IT’S THE HOLIDAY SEASON. You knew that, because there’s no way you can avoid this time of year. It’s literally everywhere from commercials to Christmas music everywhere you go. It’s (in theory) the most wonderful time of the year, but not everyone subscribes to that idea.
Last year, I wrote about making the season work for you, and how it’s okay if it doesn’t look the same as it’s “supposed to”. I stand by that message wholeheartedly, so if you need a reminder, go read it. Let’s call this part two, because there’s another side to this whole holiday season thing I think we need to be aware of.
Not everyone’s holiday experience is the same.
I know it’s easy to know that, but it’s not quite as simple to practice it. We all have a lot of assumptions and default thinking when it comes to this time of year. This is a time to spend with family. Gifts have to be given. You’re supposed to have the day off of work. It’s a time to slow down and be more generous than usual. Christmas music makes people happy. It’s a magical time of year. I could keep going, but you get the point.
You might be looking at that list and nodding along, getting super excited to light the menorah or open presents on Christmas morning. That’s awesome. I’m so glad we’re in a season that brings you so much joy. But, it’s not the same for everyone.
The holiday season can bring up every feeling imaginable.
Personally, I find myself somewhere in the middle. I don’t dread this time of year, and I have some holiday traditions that I really look forward to. But I also roll my eyes at a lot of it. No, I will not buy a gift for everyone I know just because. I like a handful of Christmas songs, and that’s about it. I don’t really look forward to Christmas, Hanukkah, Kwanzaa, etc. and sometimes I get salty that everything is closed when I just want to have a normal day.
Because this time of year can be complicated, people manage it in a lot of different ways.
So how can you help?
Remember those assumptions? Be aware of them. They’re untrue for a lot of people, and can even be triggering. Very few holiday season conversations are more awkward than when someone asks excitedly, “So what are your Christmas plans?!” and someone else has to answer with “….Nothing”. Not everyone celebrates. Some people don’t want to have plans. A good question to ask instead is, “Do you plan to celebrate (insert holiday here)?”.
There are those who choose to work, because they get extra money and it keeps them occupied on what would otherwise be a challenging day. So if someone tells you that they’re working, the response of “Oh no! That sucks!” (or something similar) isn’t always great to hear. Rather than insert your own judgement in there, ask them how they feel about it.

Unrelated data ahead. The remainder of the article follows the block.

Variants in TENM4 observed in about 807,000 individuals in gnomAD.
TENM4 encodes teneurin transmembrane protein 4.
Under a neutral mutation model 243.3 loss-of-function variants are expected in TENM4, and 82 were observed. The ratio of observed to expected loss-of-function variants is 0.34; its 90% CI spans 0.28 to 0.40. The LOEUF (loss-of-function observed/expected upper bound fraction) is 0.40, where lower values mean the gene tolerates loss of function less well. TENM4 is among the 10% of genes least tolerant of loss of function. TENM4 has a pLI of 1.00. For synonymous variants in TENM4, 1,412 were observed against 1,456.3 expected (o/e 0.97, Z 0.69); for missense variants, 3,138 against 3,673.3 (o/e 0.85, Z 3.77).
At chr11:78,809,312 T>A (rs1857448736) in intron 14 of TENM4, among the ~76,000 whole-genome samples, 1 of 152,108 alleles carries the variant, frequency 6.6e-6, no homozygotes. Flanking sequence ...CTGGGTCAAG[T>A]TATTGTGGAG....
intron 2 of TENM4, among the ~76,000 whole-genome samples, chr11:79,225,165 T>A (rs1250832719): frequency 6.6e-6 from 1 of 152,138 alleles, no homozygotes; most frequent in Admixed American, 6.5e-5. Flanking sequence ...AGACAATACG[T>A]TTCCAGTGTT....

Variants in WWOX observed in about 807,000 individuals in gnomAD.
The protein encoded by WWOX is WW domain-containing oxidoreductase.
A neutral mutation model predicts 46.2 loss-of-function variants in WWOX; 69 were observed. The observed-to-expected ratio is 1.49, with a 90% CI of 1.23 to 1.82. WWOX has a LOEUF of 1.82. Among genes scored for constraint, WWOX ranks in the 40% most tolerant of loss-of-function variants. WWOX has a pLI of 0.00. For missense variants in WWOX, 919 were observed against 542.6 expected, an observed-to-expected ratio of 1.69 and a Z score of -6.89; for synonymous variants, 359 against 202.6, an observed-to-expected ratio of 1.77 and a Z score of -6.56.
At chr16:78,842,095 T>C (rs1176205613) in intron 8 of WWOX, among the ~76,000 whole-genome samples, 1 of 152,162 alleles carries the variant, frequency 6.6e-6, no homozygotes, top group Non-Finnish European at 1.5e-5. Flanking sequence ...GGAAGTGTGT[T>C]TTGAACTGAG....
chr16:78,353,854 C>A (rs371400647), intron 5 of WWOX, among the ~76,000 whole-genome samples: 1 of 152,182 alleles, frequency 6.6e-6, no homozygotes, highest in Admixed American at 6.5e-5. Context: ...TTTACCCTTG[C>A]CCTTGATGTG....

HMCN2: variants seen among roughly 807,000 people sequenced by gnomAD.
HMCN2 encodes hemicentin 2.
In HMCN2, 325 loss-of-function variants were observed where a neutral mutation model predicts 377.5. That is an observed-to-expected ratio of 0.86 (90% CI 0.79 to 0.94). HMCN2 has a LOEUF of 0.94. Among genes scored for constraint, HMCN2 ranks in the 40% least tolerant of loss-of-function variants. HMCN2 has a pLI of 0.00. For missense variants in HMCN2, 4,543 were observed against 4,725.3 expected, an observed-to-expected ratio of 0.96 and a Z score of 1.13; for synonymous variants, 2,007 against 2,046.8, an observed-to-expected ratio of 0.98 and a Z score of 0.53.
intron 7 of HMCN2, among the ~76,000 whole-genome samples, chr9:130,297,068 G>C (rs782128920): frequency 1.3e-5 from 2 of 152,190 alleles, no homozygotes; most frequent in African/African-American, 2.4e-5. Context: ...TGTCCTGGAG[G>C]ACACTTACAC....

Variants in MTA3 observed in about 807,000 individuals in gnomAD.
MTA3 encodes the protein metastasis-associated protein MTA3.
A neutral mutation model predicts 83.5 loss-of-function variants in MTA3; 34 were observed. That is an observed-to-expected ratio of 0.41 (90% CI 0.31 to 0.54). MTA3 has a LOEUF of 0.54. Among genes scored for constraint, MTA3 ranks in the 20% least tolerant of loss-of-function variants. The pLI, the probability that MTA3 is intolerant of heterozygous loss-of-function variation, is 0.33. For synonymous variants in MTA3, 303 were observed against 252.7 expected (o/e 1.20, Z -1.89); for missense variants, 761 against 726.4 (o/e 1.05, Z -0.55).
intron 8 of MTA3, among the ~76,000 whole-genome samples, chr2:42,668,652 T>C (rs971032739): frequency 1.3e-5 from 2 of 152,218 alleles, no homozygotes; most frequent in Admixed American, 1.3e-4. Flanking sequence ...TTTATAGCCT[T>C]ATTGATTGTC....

For anything else related to holiday happenings, it’s great to ask something neutral like, “How have the holidays been for you?” and then have an open mind to whatever they have to say. They might be super excited to talk to you about twinkle lights and whether the 8th night of Hanukkah should have the biggest gift. Or, they might want to change the subject. But this gives them the opportunity to just say what they feel, rather than have to correct an assumption or be dishonest.
Explaining yourself to someone who clearly thinks you’re weird or doing the wrong thing is really hard, especially if you’re already struggling.
Bottom line? Just keep in mind that your feelings about the holidays could be different than someone else’s.
If it’s easy for you, that’s wonderful. I think we all have the best intentions when we ask someone what they got for the holidays or if they’re excited for the time off. I also think people have the best intentions when they seem surprised or disappointed if someone says “Nothing” or “No, I’m going to work”. But when we know better, we do better. So just be aware. Check in with people around you in a neutral way and really ask them how they’re doing.
This time of year is both wonderful and mind numbingly hard. Both are completely valid experiences. Let’s all make sure we’re engaging accordingly.
Rachel is a licensed therapist and co-founder of Viva Wellness. She gets most of her inspiration for the blog while on the run, and if you ever need to find her, she’s probably in Central Park. If she’s not running, you’ll find her planning the next time she’s going to eat, exploring all things wellness in NYC, or raising her stress level by watching her sports teams.